The Internet Archive, a San Francisco-based non-profit digital library—reported receiving $2,500 in Basic Attention Token (BAT) tips. The browser’s micro-donations feature has also been endorsed by several other major websites, which could mean a web driven by ads and the sale of user data could become a thing of the past, suggested Archive.org.
Brave Creators See Revenues from Micro-Donations
Brave, the first blockchain-based decentralized browser in the world, has entered the second quarter of 2019 with impressive growth. Brave browser’s number of active users has grown considerably, Basic Attention Token (BAT) has appreciated 160 percent year-to-date, and the number of high-profile websites enabling Brave Rewards has exploded.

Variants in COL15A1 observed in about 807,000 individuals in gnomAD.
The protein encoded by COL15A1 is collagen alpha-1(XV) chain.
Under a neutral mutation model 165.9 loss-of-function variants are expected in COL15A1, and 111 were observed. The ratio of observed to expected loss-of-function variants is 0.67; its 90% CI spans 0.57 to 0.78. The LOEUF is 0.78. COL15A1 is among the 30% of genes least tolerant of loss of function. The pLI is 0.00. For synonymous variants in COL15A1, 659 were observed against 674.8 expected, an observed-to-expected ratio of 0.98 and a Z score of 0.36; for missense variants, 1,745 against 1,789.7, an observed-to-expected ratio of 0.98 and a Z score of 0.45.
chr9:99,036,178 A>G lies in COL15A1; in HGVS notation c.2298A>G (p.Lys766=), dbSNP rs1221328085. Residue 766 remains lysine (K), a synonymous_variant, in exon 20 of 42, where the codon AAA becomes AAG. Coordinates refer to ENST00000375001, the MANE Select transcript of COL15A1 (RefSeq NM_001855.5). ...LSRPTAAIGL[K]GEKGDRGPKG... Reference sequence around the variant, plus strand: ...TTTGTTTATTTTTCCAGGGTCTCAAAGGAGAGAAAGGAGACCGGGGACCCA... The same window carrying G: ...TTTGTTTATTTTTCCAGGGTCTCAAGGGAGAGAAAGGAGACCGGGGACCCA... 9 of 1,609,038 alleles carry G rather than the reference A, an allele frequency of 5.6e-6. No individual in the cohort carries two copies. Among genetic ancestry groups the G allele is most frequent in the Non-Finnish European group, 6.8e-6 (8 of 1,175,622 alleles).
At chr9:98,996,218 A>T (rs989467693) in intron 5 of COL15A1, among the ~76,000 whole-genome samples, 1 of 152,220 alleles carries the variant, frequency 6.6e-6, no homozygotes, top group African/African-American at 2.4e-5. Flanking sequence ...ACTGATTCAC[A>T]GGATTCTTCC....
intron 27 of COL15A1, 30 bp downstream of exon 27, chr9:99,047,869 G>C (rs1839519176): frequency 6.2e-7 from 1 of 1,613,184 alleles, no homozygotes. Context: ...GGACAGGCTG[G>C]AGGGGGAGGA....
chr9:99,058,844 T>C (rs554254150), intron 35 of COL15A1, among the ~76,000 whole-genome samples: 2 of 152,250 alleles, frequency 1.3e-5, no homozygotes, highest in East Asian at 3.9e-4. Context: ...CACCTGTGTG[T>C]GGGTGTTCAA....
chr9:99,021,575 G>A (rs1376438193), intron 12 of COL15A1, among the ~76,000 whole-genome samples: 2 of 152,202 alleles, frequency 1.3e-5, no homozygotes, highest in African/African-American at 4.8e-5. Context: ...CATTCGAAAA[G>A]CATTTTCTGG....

One of the earliest adopters of Brave’s ‘creator’ feature was Archive.org, also known as the Internet Archive. The San Francisco-based non-profit digital library signed-up to be a Brave creator a few years ago, having seen the micro-donations feature as a “fun experiment.”
While it was initially only thought of as a way to support a like-minded tech organization, Archive.org was surprised to find that their tip jar had accumulated more than 9,000 BAT— the equivalent of $2,500.
“This was an unexpected windfall. It was also proof that the current web, the one that’s driven by ads that know our every move, doesn’t have to be the web of the future,” the company said on their blog.
Are Brave Rewards a Sustainable Alternative to Online Ads?
After Archive.org enrolled in Brave’s reward program in 2017, many other large companies also joined the movement. First We Feast, an online food-culture magazine that has 5.7 million subscribers on YouTube, recently became a Brave Verified Publisher, along with the LA Times.
Source: Brave Rewards panel
Considering the size of these audiences,